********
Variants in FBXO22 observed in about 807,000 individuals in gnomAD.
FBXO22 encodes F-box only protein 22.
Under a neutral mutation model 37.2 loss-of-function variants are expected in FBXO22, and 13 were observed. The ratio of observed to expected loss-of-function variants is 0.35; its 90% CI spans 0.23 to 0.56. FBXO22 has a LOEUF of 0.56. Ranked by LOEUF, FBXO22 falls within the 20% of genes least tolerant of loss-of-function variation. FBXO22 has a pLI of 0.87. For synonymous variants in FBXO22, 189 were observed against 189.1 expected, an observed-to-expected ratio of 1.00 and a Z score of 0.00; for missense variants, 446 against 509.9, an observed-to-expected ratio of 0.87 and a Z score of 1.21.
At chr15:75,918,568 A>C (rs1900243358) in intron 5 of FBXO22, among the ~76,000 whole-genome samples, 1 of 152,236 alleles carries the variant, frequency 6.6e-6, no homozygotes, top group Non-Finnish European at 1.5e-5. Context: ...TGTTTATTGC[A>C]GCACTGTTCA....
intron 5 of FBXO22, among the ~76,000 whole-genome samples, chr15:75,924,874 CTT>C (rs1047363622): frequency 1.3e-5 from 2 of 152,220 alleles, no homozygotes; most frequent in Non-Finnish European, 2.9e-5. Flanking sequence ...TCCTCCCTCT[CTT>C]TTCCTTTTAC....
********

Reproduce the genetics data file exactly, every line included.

Variants in FBXO22 observed in about 807,000 individuals in gnomAD.
FBXO22 encodes F-box only protein 22.
Under a neutral mutation model 37.2 loss-of-function variants are expected in FBXO22, and 13 were observed. The ratio of observed to expected loss-of-function variants is 0.35; its 90% CI spans 0.23 to 0.56. FBXO22 has a LOEUF of 0.56. Ranked by LOEUF, FBXO22 falls within the 20% of genes least tolerant of loss-of-function variation. FBXO22 has a pLI of 0.87. For synonymous variants in FBXO22, 189 were observed against 189.1 expected, an observed-to-expected ratio of 1.00 and a Z score of 0.00; for missense variants, 446 against 509.9, an observed-to-expected ratio of 0.87 and a Z score of 1.21.
At chr15:75,918,568 A>C (rs1900243358) in intron 5 of FBXO22, among the ~76,000 whole-genome samples, 1 of 152,236 alleles carries the variant, frequency 6.6e-6, no homozygotes, top group Non-Finnish European at 1.5e-5. Context: ...TGTTTATTGC[A>C]GCACTGTTCA....
intron 5 of FBXO22, among the ~76,000 whole-genome samples, chr15:75,924,874 CTT>C (rs1047363622): frequency 1.3e-5 from 2 of 152,220 alleles, no homozygotes; most frequent in Non-Finnish European, 2.9e-5. Flanking sequence ...TCCTCCCTCT[CTT>C]TTCCTTTTAC....